Uncertainty about the safety and security of websites is inevitable as technology and hacking continue to evolve rapidly.
The importance of keeping a website’s digital security up-to-date goes without saying, but there is also a simple piece of good practice to ‘prove you are who you say are’.
Everyone using a browser is probably familiar with - an SSL certificate - but not by this name. This certificate is what determines whether your browser shows a padlock in the address bar, and whether you see a https:// or http://.
Having one benefits any website, not just ecommerce sites. In layman's term an SSL certificate says that your website is what it claims to be. It also allows a website to use encryption to protect what people access or share while on your site. Recently, search engines have also begun using the SSL certificate indicator as a ranking signal.
In short, with an SSL certificate you can inspire trust, confidence and you can expect better SEO.
The process to purchase and add an SSL certificate is pretty simple, and the transition can be made with little to no interruption to your website.
There are some different ‘flavours’ of certificate and a wide choice of providers, called Certificate Authorities or CAs. Most people only notice the padlock or the domain starting with https://, but look at these two certificates next to each other and the difference becomes obvious.
The encryption levels are the same for both certificate, what differs is the vetting process used to obtain the certificate. Barclays uses an EV (extended validated) certificate where the CA validated the ownership, organisation information, physical location, and legal existence of the company. This process also involves the CA checking if the organization is aware of the SSL certificate request.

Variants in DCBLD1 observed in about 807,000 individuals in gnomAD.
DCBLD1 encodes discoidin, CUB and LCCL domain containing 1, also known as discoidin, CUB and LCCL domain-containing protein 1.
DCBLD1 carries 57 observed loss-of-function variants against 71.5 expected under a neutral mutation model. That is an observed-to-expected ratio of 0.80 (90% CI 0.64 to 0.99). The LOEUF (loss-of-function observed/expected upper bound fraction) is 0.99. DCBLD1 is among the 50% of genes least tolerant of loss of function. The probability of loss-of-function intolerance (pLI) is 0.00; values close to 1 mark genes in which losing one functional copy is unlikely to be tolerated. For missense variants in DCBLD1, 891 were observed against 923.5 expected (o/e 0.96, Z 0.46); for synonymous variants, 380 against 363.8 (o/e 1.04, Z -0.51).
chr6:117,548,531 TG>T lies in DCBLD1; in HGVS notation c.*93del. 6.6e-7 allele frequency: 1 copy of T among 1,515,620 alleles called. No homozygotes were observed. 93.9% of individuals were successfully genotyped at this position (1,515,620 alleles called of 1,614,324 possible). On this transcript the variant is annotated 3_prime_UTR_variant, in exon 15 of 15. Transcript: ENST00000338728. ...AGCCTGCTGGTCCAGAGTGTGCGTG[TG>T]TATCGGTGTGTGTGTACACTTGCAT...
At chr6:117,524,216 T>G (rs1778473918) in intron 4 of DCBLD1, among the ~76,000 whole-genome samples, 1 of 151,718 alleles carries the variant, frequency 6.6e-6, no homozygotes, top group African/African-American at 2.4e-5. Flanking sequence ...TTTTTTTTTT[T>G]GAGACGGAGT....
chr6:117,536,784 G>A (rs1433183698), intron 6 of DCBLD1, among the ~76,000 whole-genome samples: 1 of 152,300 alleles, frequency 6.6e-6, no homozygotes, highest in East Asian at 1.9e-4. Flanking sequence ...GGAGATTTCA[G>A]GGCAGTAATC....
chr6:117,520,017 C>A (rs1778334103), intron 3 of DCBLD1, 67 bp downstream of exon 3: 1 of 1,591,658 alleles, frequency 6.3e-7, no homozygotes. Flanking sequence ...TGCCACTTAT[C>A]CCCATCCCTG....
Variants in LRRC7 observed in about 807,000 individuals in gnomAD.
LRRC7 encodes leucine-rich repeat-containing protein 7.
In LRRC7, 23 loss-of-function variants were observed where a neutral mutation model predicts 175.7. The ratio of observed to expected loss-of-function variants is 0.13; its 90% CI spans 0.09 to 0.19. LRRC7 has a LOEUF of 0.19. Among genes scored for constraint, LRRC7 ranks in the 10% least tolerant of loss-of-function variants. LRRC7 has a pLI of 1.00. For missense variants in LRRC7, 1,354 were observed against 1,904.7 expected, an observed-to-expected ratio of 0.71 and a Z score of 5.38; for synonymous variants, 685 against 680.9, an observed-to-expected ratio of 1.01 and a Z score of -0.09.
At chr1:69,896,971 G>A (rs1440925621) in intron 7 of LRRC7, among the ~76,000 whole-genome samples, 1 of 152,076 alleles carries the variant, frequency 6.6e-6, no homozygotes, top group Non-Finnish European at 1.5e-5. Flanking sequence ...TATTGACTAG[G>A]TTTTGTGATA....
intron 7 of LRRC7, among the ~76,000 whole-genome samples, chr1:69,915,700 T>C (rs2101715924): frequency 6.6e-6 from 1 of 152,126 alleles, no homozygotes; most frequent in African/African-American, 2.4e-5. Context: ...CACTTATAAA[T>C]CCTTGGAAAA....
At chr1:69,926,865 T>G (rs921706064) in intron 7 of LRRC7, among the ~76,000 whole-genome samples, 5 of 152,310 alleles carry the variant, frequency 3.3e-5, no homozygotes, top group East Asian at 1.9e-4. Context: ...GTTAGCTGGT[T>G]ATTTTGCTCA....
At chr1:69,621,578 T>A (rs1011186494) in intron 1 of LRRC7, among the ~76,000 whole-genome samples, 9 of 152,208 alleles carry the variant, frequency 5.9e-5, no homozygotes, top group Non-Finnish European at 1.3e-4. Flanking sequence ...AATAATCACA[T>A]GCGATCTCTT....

Whereas London’s Metropolitan Police use a Domain Certificate for which the CA simply verified that the organisation has control over the domain.
The general rule is that EV certificates should be used wherever you need to communicate a high level of trust to your users, when you deal with bank transactions, shopping carts or a high level of sensitive information.
This is the five step process we use when we add an SSL certificate to our clients’ websites:
- Identify the appropriate type of certificate and select a reliable Certificate Authority.
- Install the certificate on your website.
- Redirect all incoming requests for your HTTP website to the location of the HTTPS site.
- Run a broken link scanner to confirm everything is working after on HTTPS.
- Notify Google that the site is now using an SSL certificate and update the sitemap location.
We always recommend using SSL certificates whether it’s retrofitting them or for a new build. Contact us if you’d like to find out more about how we could do it for your website as part of a design, build or overhaul.
If you have found this article interesting and would like to chat in more detail then please get in contact with us.